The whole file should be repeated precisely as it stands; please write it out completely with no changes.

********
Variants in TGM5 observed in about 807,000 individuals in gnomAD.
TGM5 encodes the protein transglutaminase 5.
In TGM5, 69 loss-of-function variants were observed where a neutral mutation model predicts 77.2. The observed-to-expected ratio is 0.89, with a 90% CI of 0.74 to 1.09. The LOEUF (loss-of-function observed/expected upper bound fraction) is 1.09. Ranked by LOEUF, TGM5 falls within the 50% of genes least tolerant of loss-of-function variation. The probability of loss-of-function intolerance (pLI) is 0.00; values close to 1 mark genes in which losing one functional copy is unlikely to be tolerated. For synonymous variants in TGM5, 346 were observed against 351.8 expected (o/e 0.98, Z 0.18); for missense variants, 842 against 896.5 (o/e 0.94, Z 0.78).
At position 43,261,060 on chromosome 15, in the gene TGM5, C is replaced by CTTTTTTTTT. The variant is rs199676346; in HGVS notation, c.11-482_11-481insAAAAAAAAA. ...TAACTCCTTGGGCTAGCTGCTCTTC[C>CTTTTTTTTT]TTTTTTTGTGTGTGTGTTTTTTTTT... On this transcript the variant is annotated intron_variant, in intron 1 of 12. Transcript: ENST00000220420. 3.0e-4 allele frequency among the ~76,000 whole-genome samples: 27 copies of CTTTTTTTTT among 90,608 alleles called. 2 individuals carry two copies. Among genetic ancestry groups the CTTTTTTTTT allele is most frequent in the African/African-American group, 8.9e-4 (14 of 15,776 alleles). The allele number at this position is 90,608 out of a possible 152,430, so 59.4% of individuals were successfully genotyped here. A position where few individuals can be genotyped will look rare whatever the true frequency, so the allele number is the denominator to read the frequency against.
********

Variants in TGM5 observed in about 807,000 individuals in gnomAD.
TGM5 encodes the protein transglutaminase 5.
In TGM5, 69 loss-of-function variants were observed where a neutral mutation model predicts 77.2. The observed-to-expected ratio is 0.89, with a 90% CI of 0.74 to 1.09. The LOEUF (loss-of-function observed/expected upper bound fraction) is 1.09. Ranked by LOEUF, TGM5 falls within the 50% of genes least tolerant of loss-of-function variation. The probability of loss-of-function intolerance (pLI) is 0.00; values close to 1 mark genes in which losing one functional copy is unlikely to be tolerated. For synonymous variants in TGM5, 346 were observed against 351.8 expected (o/e 0.98, Z 0.18); for missense variants, 842 against 896.5 (o/e 0.94, Z 0.78).
At position 43,261,060 on chromosome 15, in the gene TGM5, C is replaced by CTTTTTTTTT. The variant is rs199676346; in HGVS notation, c.11-482_11-481insAAAAAAAAA. ...TAACTCCTTGGGCTAGCTGCTCTTC[C>CTTTTTTTTT]TTTTTTTGTGTGTGTGTTTTTTTTT... On this transcript the variant is annotated intron_variant, in intron 1 of 12. Transcript: ENST00000220420. 3.0e-4 allele frequency among the ~76,000 whole-genome samples: 27 copies of CTTTTTTTTT among 90,608 alleles called. 2 individuals carry two copies. Among genetic ancestry groups the CTTTTTTTTT allele is most frequent in the African/African-American group, 8.9e-4 (14 of 15,776 alleles). The allele number at this position is 90,608 out of a possible 152,430, so 59.4% of individuals were successfully genotyped here. A position where few individuals can be genotyped will look rare whatever the true frequency, so the allele number is the denominator to read the frequency against.